The answer is simple: yes. You would think to yourself that from 62,829,832 votes in favor for Trump, according to International Business Times, that there must be hundreds, thousands, even millions of voters with a slight sense of moral character, simply leaning towards the other side of the political spectrum. However, Jamelle Bouie says otherwise in his latest article, There’s No Such Thing as a Good Trump Voter. The headline is already attention-grabbing enough, but reading the headline, “They don’t deserve your empathy”, you can sense a slight hostility from the author. Slight.
Again, the Establishment faces an issue that columnist Dave Barry mocked: “Do we truly believe that ALL red-state residents are ignorant, racist, fascist, knuckle-dragging, NASCAR-obsessed, cousin-marrying, roadkill-eating, tobacco-juice-dribbling, gun-fondling, religious fanatic rednecks; or that ALL blue-state residents are godless, unpatriotic, pierced-nose, Volvo-driving, France-loving, left-wing communist, latte-sucking, tofu-chomping, holistic-wacko, neurotic, vegan weenie perverts?” Instead, Bouie misses the complexity of an election, a tug of war between many forces at play; he would rather compare the Trump voters (keep in mind, who voiced their opinion through their right to vote in favor for a candidate who is restrained to the same, generic presidential powers as any other President) to extrajudicial lynchings of African Americans.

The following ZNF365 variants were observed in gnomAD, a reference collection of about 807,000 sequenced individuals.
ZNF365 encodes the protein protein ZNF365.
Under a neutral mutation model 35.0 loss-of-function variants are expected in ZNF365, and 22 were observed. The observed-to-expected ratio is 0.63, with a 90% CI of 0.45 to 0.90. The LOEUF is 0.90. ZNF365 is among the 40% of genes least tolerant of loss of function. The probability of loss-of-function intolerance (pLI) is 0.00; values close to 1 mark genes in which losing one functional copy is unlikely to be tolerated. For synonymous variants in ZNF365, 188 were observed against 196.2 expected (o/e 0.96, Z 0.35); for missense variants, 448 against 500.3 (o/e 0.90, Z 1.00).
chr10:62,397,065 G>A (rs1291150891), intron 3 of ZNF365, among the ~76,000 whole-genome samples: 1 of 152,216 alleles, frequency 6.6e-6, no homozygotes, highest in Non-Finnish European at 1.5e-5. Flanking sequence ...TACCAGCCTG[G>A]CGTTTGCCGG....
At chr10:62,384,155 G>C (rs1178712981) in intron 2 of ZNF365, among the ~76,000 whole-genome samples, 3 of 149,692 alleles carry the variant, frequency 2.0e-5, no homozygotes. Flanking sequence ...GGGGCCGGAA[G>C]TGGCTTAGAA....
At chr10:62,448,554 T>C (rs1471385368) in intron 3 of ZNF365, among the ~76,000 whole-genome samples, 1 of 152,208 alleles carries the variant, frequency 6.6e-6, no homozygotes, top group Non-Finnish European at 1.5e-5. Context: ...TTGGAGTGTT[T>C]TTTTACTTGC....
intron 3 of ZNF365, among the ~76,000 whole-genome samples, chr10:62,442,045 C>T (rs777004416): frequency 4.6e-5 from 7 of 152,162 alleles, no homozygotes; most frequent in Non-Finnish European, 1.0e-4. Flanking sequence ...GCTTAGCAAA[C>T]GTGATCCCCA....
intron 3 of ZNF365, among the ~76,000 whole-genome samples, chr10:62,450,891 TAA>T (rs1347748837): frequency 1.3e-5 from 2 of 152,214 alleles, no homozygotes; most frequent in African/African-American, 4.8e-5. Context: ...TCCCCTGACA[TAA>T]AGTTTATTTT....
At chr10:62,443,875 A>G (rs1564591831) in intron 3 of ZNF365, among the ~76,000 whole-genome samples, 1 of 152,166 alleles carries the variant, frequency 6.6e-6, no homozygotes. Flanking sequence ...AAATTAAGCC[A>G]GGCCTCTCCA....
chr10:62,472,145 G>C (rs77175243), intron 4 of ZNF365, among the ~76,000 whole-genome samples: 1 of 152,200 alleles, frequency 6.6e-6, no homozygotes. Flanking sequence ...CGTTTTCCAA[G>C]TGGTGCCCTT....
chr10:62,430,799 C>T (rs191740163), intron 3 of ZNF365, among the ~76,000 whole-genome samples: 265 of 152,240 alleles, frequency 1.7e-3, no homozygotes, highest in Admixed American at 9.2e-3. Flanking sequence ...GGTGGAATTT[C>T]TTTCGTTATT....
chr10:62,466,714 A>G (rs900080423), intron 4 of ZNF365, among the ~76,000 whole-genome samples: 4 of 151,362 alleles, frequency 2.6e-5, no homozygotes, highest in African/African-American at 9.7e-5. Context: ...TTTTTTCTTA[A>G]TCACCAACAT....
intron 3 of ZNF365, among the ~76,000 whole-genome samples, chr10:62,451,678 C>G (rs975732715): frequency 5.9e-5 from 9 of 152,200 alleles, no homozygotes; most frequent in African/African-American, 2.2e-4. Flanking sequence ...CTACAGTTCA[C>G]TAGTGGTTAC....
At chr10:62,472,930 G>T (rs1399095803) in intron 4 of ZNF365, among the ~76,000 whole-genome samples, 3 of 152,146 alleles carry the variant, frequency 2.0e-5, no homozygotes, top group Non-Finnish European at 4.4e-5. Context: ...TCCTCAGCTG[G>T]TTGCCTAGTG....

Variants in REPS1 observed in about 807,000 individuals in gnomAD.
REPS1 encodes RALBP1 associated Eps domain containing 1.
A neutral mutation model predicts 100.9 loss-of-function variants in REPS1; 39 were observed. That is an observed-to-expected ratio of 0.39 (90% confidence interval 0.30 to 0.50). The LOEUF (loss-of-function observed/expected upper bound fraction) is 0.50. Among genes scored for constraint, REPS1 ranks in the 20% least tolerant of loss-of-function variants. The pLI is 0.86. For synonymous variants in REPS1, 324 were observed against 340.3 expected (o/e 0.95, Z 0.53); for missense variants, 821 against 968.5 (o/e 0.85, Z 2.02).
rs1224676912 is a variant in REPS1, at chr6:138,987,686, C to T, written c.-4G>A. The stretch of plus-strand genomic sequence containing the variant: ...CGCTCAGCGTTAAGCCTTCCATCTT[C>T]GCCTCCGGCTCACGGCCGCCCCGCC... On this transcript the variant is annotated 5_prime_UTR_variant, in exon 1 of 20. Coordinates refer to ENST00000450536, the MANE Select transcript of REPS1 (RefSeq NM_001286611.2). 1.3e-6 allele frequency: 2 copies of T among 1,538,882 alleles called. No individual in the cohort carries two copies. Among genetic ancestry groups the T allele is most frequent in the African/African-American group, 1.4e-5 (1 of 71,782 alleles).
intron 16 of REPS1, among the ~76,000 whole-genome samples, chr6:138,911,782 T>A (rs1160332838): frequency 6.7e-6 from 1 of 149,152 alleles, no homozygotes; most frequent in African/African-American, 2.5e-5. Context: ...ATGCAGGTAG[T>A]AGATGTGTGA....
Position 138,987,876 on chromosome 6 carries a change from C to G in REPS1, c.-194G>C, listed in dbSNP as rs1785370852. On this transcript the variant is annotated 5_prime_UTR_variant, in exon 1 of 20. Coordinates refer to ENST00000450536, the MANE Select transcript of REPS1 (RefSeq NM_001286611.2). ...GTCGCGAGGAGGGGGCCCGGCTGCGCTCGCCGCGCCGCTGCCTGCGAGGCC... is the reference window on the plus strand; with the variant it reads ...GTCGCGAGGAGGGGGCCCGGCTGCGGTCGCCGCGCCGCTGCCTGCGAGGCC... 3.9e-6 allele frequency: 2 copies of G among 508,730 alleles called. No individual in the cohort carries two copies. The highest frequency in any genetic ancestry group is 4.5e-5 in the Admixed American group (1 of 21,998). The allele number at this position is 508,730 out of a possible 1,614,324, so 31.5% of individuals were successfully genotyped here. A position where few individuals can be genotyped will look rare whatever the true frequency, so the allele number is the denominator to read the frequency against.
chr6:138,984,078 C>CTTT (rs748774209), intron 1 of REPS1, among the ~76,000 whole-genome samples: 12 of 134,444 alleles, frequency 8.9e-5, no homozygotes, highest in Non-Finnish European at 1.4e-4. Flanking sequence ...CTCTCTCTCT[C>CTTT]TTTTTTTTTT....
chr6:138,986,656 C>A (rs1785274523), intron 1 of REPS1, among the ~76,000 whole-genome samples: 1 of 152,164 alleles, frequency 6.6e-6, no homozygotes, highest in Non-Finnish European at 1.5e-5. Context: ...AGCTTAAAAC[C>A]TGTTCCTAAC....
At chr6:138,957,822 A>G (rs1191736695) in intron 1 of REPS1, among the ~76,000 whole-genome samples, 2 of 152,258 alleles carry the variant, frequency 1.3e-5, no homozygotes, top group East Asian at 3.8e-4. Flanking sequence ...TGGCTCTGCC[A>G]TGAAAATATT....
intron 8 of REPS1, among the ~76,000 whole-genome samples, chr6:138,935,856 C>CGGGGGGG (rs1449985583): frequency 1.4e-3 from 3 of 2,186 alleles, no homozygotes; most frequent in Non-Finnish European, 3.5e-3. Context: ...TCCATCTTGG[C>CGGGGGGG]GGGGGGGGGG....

The analogy is borderline insulting to the near half-century worth of horrors committed in the name of “vigilante-style justice”. In the “absence of hard scientific studies of press coverage of lynchings”, Richard M. Perloff of Cleveland State University writes that at the turn of the century, “when vigilante-style justice was commonplace”, the victims of black lynchings were dehumanized, “predisposed.. to commit violence crimes … and sometimes self-righteously defended lynching of Black individuals” (Perloff, 2000). Whereas these reports of harassment and intimidation in the aftermath of the 2016 election are openly critiqued by the mainstream media and prompt discourse such as now, the lynchings of African Americans were a sensational albeit normalized epidemic (Perloff, 2000). Moreover, the “more than 300 incidents of harassment or intimidation reported” according to the South Poverty Law Center does not mean that the 62,829,832 voters are actively engaging in this, only that a fringe minority of Trump supporters have celebrated (as disgusting as that sounds) their victory through these incidents. In my opinion, if only half of Trump voters would engage in these incidents, the incidents would be in the thousands, no tens of thousands, and would not be exempted from the legal process, not like the extrajudicial mob action taken against African Americans.